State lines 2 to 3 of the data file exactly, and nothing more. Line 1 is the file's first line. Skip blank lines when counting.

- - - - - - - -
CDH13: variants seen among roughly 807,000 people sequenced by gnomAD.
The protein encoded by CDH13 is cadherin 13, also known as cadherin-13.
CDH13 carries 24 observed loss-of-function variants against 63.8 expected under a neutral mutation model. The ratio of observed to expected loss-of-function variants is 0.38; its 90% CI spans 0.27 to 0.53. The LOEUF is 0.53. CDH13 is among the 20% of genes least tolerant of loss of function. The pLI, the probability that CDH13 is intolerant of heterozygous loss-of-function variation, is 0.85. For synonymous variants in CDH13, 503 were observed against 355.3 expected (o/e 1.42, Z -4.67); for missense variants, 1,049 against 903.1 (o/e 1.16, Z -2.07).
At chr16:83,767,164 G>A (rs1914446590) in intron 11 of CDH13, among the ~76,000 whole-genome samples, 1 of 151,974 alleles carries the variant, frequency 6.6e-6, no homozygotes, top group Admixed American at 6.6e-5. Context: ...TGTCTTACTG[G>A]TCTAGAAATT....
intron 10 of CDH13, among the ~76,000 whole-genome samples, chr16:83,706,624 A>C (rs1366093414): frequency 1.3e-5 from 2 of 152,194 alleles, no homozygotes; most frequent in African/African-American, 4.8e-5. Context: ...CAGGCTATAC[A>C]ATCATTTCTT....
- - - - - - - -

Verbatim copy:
The protein encoded by CDH13 is cadherin 13, also known as cadherin-13.
CDH13 carries 24 observed loss-of-function variants against 63.8 expected under a neutral mutation model. The ratio of observed to expected loss-of-function variants is 0.38; its 90% CI spans 0.27 to 0.53. The LOEUF is 0.53. CDH13 is among the 20% of genes least tolerant of loss of function. The pLI, the probability that CDH13 is intolerant of heterozygous loss-of-function variation, is 0.85. For synonymous variants in CDH13, 503 were observed against 355.3 expected (o/e 1.42, Z -4.67); for missense variants, 1,049 against 903.1 (o/e 1.16, Z -2.07).